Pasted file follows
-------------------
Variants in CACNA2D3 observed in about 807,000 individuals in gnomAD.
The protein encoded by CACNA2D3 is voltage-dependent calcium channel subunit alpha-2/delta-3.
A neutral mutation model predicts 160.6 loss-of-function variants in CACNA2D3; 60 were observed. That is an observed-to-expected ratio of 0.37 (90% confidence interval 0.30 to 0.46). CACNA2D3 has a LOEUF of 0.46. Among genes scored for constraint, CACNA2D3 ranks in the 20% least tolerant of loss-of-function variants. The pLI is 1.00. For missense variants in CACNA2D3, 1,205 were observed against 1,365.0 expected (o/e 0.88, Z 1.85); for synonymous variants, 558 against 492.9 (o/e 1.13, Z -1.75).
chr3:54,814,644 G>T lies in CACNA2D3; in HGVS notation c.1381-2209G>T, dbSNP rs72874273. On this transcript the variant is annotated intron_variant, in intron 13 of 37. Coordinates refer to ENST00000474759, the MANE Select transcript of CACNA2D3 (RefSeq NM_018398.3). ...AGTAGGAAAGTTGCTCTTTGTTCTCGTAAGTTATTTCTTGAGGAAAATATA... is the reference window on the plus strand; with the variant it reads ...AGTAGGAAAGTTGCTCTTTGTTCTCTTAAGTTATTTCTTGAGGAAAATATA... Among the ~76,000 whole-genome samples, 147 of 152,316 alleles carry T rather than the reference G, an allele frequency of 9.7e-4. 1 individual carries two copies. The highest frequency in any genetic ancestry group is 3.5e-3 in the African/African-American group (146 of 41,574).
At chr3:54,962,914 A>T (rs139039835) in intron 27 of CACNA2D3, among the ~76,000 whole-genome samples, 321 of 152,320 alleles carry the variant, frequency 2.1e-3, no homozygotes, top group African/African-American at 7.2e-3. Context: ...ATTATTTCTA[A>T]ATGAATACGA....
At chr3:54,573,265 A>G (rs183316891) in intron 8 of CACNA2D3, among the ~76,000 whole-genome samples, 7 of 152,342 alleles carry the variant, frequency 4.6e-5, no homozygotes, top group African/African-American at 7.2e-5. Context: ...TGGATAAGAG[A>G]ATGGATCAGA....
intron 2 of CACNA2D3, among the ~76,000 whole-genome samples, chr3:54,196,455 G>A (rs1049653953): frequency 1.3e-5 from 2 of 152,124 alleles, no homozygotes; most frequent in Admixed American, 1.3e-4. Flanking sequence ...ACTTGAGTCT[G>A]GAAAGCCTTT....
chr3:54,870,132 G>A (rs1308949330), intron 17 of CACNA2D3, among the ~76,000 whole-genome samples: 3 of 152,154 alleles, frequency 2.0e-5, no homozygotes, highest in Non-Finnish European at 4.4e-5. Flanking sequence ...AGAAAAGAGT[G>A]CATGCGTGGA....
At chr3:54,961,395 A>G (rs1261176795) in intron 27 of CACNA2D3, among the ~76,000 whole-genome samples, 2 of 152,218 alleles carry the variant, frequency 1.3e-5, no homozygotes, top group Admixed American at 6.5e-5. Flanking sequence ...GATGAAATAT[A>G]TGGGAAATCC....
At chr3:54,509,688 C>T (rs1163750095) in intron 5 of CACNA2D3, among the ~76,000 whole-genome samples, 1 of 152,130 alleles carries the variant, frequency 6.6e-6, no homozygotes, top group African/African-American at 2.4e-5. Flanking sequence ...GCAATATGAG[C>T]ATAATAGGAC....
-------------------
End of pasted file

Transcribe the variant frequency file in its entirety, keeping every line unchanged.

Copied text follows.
Variants in CACNA2D3 observed in about 807,000 individuals in gnomAD.
The protein encoded by CACNA2D3 is voltage-dependent calcium channel subunit alpha-2/delta-3.
A neutral mutation model predicts 160.6 loss-of-function variants in CACNA2D3; 60 were observed. That is an observed-to-expected ratio of 0.37 (90% confidence interval 0.30 to 0.46). CACNA2D3 has a LOEUF of 0.46. Among genes scored for constraint, CACNA2D3 ranks in the 20% least tolerant of loss-of-function variants. The pLI is 1.00. For missense variants in CACNA2D3, 1,205 were observed against 1,365.0 expected (o/e 0.88, Z 1.85); for synonymous variants, 558 against 492.9 (o/e 1.13, Z -1.75).
chr3:54,814,644 G>T lies in CACNA2D3; in HGVS notation c.1381-2209G>T, dbSNP rs72874273. On this transcript the variant is annotated intron_variant, in intron 13 of 37. Coordinates refer to ENST00000474759, the MANE Select transcript of CACNA2D3 (RefSeq NM_018398.3). ...AGTAGGAAAGTTGCTCTTTGTTCTCGTAAGTTATTTCTTGAGGAAAATATA... is the reference window on the plus strand; with the variant it reads ...AGTAGGAAAGTTGCTCTTTGTTCTCTTAAGTTATTTCTTGAGGAAAATATA... Among the ~76,000 whole-genome samples, 147 of 152,316 alleles carry T rather than the reference G, an allele frequency of 9.7e-4. 1 individual carries two copies. The highest frequency in any genetic ancestry group is 3.5e-3 in the African/African-American group (146 of 41,574).
At chr3:54,962,914 A>T (rs139039835) in intron 27 of CACNA2D3, among the ~76,000 whole-genome samples, 321 of 152,320 alleles carry the variant, frequency 2.1e-3, no homozygotes, top group African/African-American at 7.2e-3. Context: ...ATTATTTCTA[A>T]ATGAATACGA....
At chr3:54,573,265 A>G (rs183316891) in intron 8 of CACNA2D3, among the ~76,000 whole-genome samples, 7 of 152,342 alleles carry the variant, frequency 4.6e-5, no homozygotes, top group African/African-American at 7.2e-5. Context: ...TGGATAAGAG[A>G]ATGGATCAGA....
intron 2 of CACNA2D3, among the ~76,000 whole-genome samples, chr3:54,196,455 G>A (rs1049653953): frequency 1.3e-5 from 2 of 152,124 alleles, no homozygotes; most frequent in Admixed American, 1.3e-4. Flanking sequence ...ACTTGAGTCT[G>A]GAAAGCCTTT....
chr3:54,870,132 G>A (rs1308949330), intron 17 of CACNA2D3, among the ~76,000 whole-genome samples: 3 of 152,154 alleles, frequency 2.0e-5, no homozygotes, highest in Non-Finnish European at 4.4e-5. Flanking sequence ...AGAAAAGAGT[G>A]CATGCGTGGA....
At chr3:54,961,395 A>G (rs1261176795) in intron 27 of CACNA2D3, among the ~76,000 whole-genome samples, 2 of 152,218 alleles carry the variant, frequency 1.3e-5, no homozygotes, top group Admixed American at 6.5e-5. Flanking sequence ...GATGAAATAT[A>G]TGGGAAATCC....
At chr3:54,509,688 C>T (rs1163750095) in intron 5 of CACNA2D3, among the ~76,000 whole-genome samples, 1 of 152,130 alleles carries the variant, frequency 6.6e-6, no homozygotes, top group African/African-American at 2.4e-5. Flanking sequence ...GCAATATGAG[C>T]ATAATAGGAC....